evidence of spread to the surrounding community. Type
A2 influenza virus was recovered from throat washings in
two cases. No other outbreaks have been reported in
the State.
(Reported by D. S. Fleming, M.D., Director, Disease Pre-
vention and Control, Minnesota State Department of
Health.)


New Jersey Eight counties, located in different
sections of the State, reported influenza-like illness
during the week ending February 15. School, university,
industrial and prison populations have been among those
affected. One school closure has been reported. Labora-
tory specimens have been obtained from selected
populations.
(Reported by William J. Dougherty, Director, Division of
Preventive Disease, New Jersey State Department of
Health.)

New York Restricted outbreaks of influenza-like
illness in school age children were first recognized
February 11-14 in three small communities in the Albany-
Troy-Schenectady area of New York State. Additional foci
have been noted during the past two weeks in two mental
institutions in the southeastern part of the State. Lab-
oratory confirmations are not yet available. Serologic

evidence of recent infection with influenza A2 has been
obtained from three cases seen in Nassau and West-
chester Counties, adjoining New York City, as well as
one case from Columbia County near the Massachusetts
border.


Pneumonia-influenza deaths for New York City con-
tinued well above expected levels for the week ending
February 16 (167 deaths compared to an expected number
of 68). However, the increased mortality has been out of
proportion to other indices of epidemic activity. School
and industrial absenteeism have remained at near normal
levels. One outpatient clinic of a large teaching hospital
reported an increasing case load of influenza-like disease
with laboratory confirmation of A2 influenza in three
cases.
(Reported by Robert M. Albrecht, M.D., Director, Epidemi-
ology Division, New York State Department of Health;
and Harold T. Fuerst, M.D., Director, Bureau of Pre-
ventable Disease, New York City Department of Health.)


Ohio Three isolates of influenza A2 virus have
been recovered from cases in the Columbus area, and
1 from Cincinnati. (See MMWR Vol. 12, No. 6) Community-
wide outbreaks, largely confined to the southern half
of the State, continue to be reported.
(Reported by Winslow Bashe, M.D., Acting Chief, Division
of Communicable Diseases, Ohio Department of Health)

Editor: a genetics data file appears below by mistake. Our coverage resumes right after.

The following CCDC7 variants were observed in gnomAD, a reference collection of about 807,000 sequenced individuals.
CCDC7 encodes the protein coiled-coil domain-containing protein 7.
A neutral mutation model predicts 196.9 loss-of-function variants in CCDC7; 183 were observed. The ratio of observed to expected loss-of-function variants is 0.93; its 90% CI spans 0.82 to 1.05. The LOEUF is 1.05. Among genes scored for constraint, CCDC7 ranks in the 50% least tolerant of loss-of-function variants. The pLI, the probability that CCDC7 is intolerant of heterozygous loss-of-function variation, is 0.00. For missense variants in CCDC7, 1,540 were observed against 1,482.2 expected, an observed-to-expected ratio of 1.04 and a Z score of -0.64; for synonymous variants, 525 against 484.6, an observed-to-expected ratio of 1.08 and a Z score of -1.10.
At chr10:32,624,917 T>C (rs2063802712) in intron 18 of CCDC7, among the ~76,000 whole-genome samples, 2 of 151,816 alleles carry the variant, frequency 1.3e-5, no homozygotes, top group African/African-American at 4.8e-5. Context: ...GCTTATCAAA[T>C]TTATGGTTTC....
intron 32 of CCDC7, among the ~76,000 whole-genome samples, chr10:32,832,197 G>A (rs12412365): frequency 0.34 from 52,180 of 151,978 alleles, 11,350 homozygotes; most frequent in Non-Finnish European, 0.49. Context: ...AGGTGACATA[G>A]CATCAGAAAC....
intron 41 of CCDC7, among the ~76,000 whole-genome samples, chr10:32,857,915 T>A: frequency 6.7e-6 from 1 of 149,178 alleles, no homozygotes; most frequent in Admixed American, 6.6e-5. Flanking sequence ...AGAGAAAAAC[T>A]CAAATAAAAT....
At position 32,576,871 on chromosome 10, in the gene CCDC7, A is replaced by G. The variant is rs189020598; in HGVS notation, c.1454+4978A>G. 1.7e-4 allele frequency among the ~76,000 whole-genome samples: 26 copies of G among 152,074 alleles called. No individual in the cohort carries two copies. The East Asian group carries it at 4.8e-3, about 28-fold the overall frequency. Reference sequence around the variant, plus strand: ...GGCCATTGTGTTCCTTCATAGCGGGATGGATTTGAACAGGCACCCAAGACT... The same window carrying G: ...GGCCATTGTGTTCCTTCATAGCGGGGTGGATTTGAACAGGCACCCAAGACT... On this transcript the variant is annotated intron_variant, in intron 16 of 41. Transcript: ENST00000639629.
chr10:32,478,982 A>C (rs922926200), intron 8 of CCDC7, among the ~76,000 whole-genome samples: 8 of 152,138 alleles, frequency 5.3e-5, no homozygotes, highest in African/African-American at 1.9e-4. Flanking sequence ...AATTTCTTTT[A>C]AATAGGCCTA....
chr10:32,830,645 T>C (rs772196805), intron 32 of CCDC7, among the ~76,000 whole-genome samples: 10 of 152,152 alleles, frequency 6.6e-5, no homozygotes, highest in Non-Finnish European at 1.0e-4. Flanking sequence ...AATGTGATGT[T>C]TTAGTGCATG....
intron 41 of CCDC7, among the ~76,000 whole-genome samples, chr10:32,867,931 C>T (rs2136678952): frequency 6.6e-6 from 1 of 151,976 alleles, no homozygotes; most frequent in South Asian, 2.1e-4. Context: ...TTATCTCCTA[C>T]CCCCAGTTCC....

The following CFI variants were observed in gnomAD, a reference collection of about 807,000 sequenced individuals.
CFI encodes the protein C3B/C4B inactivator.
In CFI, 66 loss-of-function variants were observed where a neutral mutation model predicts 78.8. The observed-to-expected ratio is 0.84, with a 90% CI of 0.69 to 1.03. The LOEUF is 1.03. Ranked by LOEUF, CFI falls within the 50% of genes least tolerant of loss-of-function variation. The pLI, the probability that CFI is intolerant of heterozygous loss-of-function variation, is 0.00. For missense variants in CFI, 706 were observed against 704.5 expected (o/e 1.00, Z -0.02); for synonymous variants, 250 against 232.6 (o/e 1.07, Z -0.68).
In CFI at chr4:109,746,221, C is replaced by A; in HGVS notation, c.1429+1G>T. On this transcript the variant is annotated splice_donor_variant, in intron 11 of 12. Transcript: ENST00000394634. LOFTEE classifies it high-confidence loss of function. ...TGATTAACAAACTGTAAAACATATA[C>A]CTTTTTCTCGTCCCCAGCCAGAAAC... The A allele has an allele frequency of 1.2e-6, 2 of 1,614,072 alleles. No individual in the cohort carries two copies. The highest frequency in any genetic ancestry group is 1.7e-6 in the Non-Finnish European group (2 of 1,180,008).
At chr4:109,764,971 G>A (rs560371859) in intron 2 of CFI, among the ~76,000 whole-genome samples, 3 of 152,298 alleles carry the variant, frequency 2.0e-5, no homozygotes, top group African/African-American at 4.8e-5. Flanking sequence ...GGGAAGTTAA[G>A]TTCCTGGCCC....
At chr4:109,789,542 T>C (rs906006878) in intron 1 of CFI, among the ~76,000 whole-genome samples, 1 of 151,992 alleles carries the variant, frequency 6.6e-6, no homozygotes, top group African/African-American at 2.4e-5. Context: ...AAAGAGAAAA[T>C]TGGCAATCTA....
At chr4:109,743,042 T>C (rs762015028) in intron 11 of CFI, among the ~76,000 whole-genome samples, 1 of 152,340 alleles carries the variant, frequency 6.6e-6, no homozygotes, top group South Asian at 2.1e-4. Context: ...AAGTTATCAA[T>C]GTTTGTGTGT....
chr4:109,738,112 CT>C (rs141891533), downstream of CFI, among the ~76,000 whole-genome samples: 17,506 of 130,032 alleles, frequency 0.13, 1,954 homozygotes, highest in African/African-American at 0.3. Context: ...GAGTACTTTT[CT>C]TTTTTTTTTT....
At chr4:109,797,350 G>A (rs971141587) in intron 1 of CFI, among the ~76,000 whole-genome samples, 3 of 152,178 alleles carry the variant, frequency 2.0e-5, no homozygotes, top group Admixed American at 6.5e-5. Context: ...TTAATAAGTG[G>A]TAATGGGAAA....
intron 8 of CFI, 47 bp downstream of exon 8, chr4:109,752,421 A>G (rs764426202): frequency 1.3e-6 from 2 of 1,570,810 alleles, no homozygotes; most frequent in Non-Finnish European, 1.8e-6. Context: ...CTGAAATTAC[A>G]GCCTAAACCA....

Oklahoma An outbreak of influenza-like illness
has been noted at one high school in Oklahoma City. On
February 12, absenteeism reached 27 percent. In addition,
an outbreak has been reported from a reformatory at El
Reno, reaching peak proportions about February 7. Labor-
atory studies are underway.
(Reported by Dr. F. R. Hassler, Chief, Communicable
Disease Control and Laboratory Services, Oklahoma State
Department of Health).


Vermont Enosburg Falls, Franklin County, has re-
ported over 50 cases of influenza-like illness since
February 3. The outbreak has affected all age groups;
there has been above normal absenteeism in the city
schools. A similar outbreak has occurred in the town of
Johnson, Lamoille County, with first cases appearing on
February 9. Laboratory studies are presently underway.
(Reported by Dr. Linus J. Leavens, Director, Communi-
cable Disease Control, Vermont Department of Health.)

West Virginia Above seasonal incidence of respira-
tory disease has been noted in the eastern counties of
Berkeley, Jefferson, Mineral, Pocahontas, and Upshur,
beginning during the week of February 4. School ab-
senteeism, which normally is 5-7 percent, is currently
running 10-12 percent in most areas and 18 percent in
Mineral County. Local physicians in the areas report
that illnesses resemble influenza. Laboratory studies
are in progress.
(Reported by Dr. L. A. Dickerson, Director, Disease
Control, West Virginia State Health Department.)








52 Morbidity and Mortality Weekly Report


NUMBER OF DEATHS NUMBER OF DEATHS


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Morbidity and Mortality Weekly Report


INTERPRETATION OF WEEKLY PNEUMONIA-
INFLUENZA CHARTS


The solid line on the pneumonia-influenza excess
mortality charts indicates the expected number of weekly
deaths based on 1954-60 seasonal change and secular
trend. The epidemic threshold (dashed line) is placed at
a distance of 1.64 times the standard deviation of the
expected number during inter-epidemic periods. Recorded
deaths are shown as circles connected by straight lines.
The criterion that recorded deaths exceed the epi-
demic threshold for two successive weeks is used as an
indication of possible epidemic increase. With this crite-
rion, the approximate probabilities (1) of erroneously
classifying a random fluctuation as a true increase in
excess mortality, or conversely (2) failing to recognize a
true rise in excess mortality are:


(1) Using a simple model of independent repeated
trials, the probability that during a 26 week